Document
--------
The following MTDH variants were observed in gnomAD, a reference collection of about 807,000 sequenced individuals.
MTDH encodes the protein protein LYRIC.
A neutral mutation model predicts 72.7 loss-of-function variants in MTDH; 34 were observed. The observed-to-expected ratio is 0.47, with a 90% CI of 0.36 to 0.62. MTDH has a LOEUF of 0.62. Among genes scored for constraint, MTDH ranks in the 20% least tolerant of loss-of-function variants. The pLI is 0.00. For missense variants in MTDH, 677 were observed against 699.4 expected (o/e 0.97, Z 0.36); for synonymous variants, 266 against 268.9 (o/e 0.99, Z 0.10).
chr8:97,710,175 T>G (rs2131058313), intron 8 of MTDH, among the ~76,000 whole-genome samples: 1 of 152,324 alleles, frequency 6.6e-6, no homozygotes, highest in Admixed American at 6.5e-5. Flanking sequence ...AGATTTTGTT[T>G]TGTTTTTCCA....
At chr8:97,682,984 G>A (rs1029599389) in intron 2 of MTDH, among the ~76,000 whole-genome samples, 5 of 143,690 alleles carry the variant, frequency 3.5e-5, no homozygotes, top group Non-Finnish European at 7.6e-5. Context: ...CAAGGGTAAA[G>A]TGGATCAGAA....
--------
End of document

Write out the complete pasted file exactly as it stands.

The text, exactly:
The following MTDH variants were observed in gnomAD, a reference collection of about 807,000 sequenced individuals.
MTDH encodes the protein protein LYRIC.
A neutral mutation model predicts 72.7 loss-of-function variants in MTDH; 34 were observed. The observed-to-expected ratio is 0.47, with a 90% CI of 0.36 to 0.62. MTDH has a LOEUF of 0.62. Among genes scored for constraint, MTDH ranks in the 20% least tolerant of loss-of-function variants. The pLI is 0.00. For missense variants in MTDH, 677 were observed against 699.4 expected (o/e 0.97, Z 0.36); for synonymous variants, 266 against 268.9 (o/e 0.99, Z 0.10).
chr8:97,710,175 T>G (rs2131058313), intron 8 of MTDH, among the ~76,000 whole-genome samples: 1 of 152,324 alleles, frequency 6.6e-6, no homozygotes, highest in Admixed American at 6.5e-5. Flanking sequence ...AGATTTTGTT[T>G]TGTTTTTCCA....
At chr8:97,682,984 G>A (rs1029599389) in intron 2 of MTDH, among the ~76,000 whole-genome samples, 5 of 143,690 alleles carry the variant, frequency 3.5e-5, no homozygotes, top group Non-Finnish European at 7.6e-5. Context: ...CAAGGGTAAA[G>A]TGGATCAGAA....